A new report by Next Big Sound presents the state of the music industry from a data point of view. Aimed at brands -- the traditional music industry can still find plenty of useful information -- the web-based report uses attractive charts and plain English to guide the reader through music's impact across the Internet. The main message is simple: artists want to work with brands, and artists' fans have a huge online presence.
What's the state of music on social media? NBS says Instagram is "growing in leaps and bounds" and Twitter "may have plateaued," although artists are still gaining more new followers on Twitter than Instagram each month (by nearly a 5-to-3 margin). Millennials -- the age group defined as 18 to 24 -- are the most-active users of Facebook for music purposes, and their 46-percent share of artist activity equals their share in early 2012 (it has slightly risen and fallen since then).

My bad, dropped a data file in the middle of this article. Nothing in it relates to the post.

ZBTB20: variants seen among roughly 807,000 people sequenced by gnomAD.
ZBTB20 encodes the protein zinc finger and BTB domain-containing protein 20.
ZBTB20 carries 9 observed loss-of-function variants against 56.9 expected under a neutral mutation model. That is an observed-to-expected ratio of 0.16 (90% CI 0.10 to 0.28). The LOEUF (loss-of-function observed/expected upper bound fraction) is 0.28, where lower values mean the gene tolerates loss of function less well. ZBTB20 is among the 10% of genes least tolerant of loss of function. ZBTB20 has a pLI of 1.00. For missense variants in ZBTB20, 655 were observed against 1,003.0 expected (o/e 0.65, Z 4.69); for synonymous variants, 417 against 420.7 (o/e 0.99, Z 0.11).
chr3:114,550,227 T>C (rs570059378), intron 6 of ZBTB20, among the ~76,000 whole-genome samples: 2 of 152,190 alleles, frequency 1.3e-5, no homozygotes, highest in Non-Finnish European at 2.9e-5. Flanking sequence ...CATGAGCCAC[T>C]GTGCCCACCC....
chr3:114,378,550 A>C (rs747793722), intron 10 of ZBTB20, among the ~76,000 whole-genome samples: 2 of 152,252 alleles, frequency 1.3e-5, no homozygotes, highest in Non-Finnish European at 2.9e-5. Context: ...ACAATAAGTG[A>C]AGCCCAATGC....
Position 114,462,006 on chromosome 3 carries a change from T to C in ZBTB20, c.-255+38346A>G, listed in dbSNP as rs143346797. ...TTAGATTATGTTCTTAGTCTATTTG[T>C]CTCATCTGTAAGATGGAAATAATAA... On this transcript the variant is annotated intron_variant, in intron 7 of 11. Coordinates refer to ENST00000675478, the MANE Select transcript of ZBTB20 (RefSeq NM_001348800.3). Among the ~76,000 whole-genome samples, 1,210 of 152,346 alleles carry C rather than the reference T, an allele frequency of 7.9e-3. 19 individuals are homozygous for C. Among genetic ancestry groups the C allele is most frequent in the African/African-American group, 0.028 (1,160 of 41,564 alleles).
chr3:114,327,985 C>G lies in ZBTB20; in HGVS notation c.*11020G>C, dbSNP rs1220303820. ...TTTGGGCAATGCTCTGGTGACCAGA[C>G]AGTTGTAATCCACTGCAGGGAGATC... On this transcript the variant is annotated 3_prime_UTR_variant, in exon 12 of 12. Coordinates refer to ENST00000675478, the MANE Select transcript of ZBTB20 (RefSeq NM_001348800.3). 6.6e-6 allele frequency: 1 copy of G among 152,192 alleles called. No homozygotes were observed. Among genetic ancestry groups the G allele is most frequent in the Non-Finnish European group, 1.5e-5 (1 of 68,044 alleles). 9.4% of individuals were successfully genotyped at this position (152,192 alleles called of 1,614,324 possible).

Also interesting is an analysis of music genres' activity across services ranging from social media to streaming and Wikipedia. Perhaps surprisingly, rock leads the way. Artists with the pop/rock classification (examples given were Billy Joel, Foreigner and Kid Rock) had 24 percent of activity. The standalone rock genre had another 8 percent, indie rock had 7 percent and metal had 1 percent. That's a total of 40 percent for various forms of rock and pop/rock music. (Pop itself has an 8-percent share.) Although it's an apples-and-oranges comparison, Nielsen says rock's share of U.S. music consumption in 2014 stood at 29 percent.